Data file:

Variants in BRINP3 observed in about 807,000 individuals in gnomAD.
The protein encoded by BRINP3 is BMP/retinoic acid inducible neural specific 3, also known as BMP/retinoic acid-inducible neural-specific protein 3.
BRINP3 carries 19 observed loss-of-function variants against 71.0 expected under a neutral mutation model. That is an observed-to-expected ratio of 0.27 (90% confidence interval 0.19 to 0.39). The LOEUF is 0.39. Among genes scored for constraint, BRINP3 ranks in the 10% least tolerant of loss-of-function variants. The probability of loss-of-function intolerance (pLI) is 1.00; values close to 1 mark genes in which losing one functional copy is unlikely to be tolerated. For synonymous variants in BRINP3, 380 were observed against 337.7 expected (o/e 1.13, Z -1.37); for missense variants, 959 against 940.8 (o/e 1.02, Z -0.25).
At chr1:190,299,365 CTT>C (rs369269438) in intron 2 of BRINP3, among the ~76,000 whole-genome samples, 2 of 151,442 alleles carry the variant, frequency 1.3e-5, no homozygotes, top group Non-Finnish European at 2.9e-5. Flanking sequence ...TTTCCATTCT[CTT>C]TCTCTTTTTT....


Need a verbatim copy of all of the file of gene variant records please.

Variants in BRINP3 observed in about 807,000 individuals in gnomAD.
The protein encoded by BRINP3 is BMP/retinoic acid inducible neural specific 3, also known as BMP/retinoic acid-inducible neural-specific protein 3.
BRINP3 carries 19 observed loss-of-function variants against 71.0 expected under a neutral mutation model. That is an observed-to-expected ratio of 0.27 (90% confidence interval 0.19 to 0.39). The LOEUF is 0.39. Among genes scored for constraint, BRINP3 ranks in the 10% least tolerant of loss-of-function variants. The probability of loss-of-function intolerance (pLI) is 1.00; values close to 1 mark genes in which losing one functional copy is unlikely to be tolerated. For synonymous variants in BRINP3, 380 were observed against 337.7 expected (o/e 1.13, Z -1.37); for missense variants, 959 against 940.8 (o/e 1.02, Z -0.25).
At chr1:190,299,365 CTT>C (rs369269438) in intron 2 of BRINP3, among the ~76,000 whole-genome samples, 2 of 151,442 alleles carry the variant, frequency 1.3e-5, no homozygotes, top group Non-Finnish European at 2.9e-5. Flanking sequence ...TTTCCATTCT[CTT>C]TCTCTTTTTT....